• Details about the proposed ward’s spouse, parents, siblings, and children; and
  • What interest you have in becoming the guardian.

Depending on the circumstances, you may also need to provide information about:

  • Guardianships over the ward in other states,
  • People or organizations with custody of the ward, and
  • Powers of attorney for the ward.

Some of these requirements are as simple as providing names, ages, and addresses. Others are questions of fact, where the outcome generally turns on the ward’s practical ability to care for themselves. Some requirements—alternatives to guardianship and limits on the ward’s rights—have specific legal grounds the application should address. 

Alternatives to Guardianship

Texas specifically defines what qualifies as alternatives to guardianship. Before you request a guardianship, you should consider whether you can instead use:

  • A medical power of attorney,
  • A durable power of attorney or agent in fact,
  • A declaration for mental health treatment,
  • Appointment of a representative payee for public benefits,
  • A joint bank account, and
  • A management or special needs trust.

You should also consider whether any other alternative, person-centered decision-making strategy would work. Your application must demonstrate that only a guardianship will adequately protect and promote the proposed ward’s needs.

Rights Limitations

You can also request the court limit restricting the ward’s:

  • Right to vote,
  • Eligibility to get a driver’s license, and
  • Right to select their residence.

The court can limit some or all of these rights. 

What Are the Estate Guardian’s Powers and Responsibilities?

An estate guardian is responsible for managing the ward’s financial affairs. Managing the ward’s financial affairs may include:

  • Paying their bills,
  • Investing their funds,
  • Making purchases, 
  • Selling their property, and
  • Entering into contracts on their behalf.

You owe an obligation to act in the ward’s best interests as their guardian.

Notably, a guardian of the estate must ensure the ward can afford their expenses. As such, the guardian is empowered to dispose of property the ward already promised to someone else, even through a will drafted when the ward was not legally incapacitated.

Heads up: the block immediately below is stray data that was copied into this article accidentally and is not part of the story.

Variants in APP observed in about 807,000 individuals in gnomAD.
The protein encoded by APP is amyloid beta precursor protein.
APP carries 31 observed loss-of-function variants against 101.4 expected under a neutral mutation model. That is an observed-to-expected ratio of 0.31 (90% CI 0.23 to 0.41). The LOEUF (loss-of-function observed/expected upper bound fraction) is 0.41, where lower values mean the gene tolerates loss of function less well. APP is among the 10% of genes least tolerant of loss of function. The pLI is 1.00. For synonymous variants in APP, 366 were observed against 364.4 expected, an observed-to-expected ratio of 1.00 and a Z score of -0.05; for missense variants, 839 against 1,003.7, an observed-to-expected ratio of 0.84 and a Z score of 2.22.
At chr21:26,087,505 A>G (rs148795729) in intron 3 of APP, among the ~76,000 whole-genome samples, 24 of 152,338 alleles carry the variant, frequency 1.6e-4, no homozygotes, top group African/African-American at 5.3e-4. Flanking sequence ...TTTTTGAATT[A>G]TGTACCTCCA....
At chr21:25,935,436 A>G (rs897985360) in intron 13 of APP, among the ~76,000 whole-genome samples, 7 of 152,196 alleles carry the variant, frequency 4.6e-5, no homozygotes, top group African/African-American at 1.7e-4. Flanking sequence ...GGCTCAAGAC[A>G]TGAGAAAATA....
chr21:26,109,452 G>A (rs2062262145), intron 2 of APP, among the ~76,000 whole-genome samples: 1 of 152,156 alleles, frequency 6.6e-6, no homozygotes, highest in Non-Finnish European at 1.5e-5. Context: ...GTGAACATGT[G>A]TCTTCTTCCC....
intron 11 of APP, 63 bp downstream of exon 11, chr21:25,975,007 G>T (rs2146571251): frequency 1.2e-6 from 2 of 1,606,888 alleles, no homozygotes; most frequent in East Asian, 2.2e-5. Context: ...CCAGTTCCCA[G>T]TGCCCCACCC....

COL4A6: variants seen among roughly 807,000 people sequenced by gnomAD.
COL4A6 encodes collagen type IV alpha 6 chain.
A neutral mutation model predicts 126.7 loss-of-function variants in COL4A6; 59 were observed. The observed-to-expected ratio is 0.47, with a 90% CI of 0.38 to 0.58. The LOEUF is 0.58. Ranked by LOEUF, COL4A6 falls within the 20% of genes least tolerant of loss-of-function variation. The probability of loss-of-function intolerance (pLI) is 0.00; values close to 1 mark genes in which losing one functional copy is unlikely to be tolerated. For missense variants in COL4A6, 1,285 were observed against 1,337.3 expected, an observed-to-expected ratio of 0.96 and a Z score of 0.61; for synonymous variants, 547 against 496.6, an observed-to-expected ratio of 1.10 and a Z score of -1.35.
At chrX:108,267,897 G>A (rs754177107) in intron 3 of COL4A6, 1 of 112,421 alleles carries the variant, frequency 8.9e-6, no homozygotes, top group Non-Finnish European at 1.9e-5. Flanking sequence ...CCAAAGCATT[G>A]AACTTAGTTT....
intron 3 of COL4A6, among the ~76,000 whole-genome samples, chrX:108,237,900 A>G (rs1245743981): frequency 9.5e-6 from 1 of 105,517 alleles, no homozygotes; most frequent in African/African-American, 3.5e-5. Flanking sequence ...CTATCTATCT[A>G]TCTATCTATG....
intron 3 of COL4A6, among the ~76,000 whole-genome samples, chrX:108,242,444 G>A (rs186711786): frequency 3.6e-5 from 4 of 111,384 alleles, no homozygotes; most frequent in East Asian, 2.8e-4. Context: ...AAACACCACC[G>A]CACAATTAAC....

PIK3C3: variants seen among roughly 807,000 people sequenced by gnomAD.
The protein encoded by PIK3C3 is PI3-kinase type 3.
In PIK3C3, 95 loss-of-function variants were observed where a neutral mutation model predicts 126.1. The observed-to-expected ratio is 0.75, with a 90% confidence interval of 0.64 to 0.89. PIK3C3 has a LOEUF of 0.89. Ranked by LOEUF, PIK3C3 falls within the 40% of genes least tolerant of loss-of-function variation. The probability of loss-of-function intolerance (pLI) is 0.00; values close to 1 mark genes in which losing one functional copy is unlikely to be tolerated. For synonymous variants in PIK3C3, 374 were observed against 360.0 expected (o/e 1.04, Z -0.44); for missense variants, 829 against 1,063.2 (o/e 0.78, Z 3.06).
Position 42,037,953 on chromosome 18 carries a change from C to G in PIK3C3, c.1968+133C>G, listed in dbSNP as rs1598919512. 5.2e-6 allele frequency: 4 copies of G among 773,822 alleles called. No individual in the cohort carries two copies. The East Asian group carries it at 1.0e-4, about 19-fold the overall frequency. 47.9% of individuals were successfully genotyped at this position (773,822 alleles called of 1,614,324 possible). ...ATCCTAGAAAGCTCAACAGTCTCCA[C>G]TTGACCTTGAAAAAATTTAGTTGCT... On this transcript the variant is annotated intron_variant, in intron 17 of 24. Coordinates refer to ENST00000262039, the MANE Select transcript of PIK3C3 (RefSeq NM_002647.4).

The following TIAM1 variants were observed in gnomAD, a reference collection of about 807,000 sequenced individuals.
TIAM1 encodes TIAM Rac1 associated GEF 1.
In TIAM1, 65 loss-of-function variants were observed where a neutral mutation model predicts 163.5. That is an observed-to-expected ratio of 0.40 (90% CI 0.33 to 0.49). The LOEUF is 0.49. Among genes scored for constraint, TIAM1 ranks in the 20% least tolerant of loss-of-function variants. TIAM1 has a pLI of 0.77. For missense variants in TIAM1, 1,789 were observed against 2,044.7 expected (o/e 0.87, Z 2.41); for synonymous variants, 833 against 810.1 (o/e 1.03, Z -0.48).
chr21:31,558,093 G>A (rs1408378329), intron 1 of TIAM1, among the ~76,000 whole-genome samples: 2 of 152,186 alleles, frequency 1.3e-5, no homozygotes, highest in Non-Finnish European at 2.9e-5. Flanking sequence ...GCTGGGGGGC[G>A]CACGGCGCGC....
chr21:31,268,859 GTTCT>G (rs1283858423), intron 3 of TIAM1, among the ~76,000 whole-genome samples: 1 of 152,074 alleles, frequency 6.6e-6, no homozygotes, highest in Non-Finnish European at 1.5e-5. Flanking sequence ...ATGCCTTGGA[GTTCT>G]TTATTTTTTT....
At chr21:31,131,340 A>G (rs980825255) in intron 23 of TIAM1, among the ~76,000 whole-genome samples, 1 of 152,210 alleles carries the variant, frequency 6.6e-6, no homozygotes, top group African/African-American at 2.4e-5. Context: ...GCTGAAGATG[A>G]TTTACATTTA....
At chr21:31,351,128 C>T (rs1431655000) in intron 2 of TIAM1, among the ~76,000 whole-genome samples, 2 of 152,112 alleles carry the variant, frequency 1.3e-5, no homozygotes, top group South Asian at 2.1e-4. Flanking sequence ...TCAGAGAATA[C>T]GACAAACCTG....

Can You Contest an Estate Guardianship?

A ward must have their own attorney in any guardianship proceeding to ensure representation of the ward’s interests. If a ward does not agree to a guardianship, they may contest it through their attorney. Typically, this involves arguing that the guardianship is unnecessary, either at all or to the extent the proposed ward requests. 

When Can an Estate Guardianship End?

The guardianship may end if the court concludes it is no longer necessary or if the guardian files a yearly report indicating the guardianship should not continue. It may also end if the guardian, ward, or another person petitions the court to eliminate the guardianship.

Generally, terminating or modifying a guardianship requires a court hearing similar to the one to establish a guardianship. The applicant must explain why the guardianship is no longer necessary.

How Can an Estate Guardianship Lawyer Help?

An estate guardianship attorney can represent either the ward or the guardian. They can guide you through the laws and the process, ensuring you provide the appropriate details to support your claims. If you need the services of an estate guardianship attorney in Texas, reach out to Robbins Estate Law. Our team of attorneys is passionate about all areas of estate law and can provide our legal knowledge and guidance throughout the guardianship process.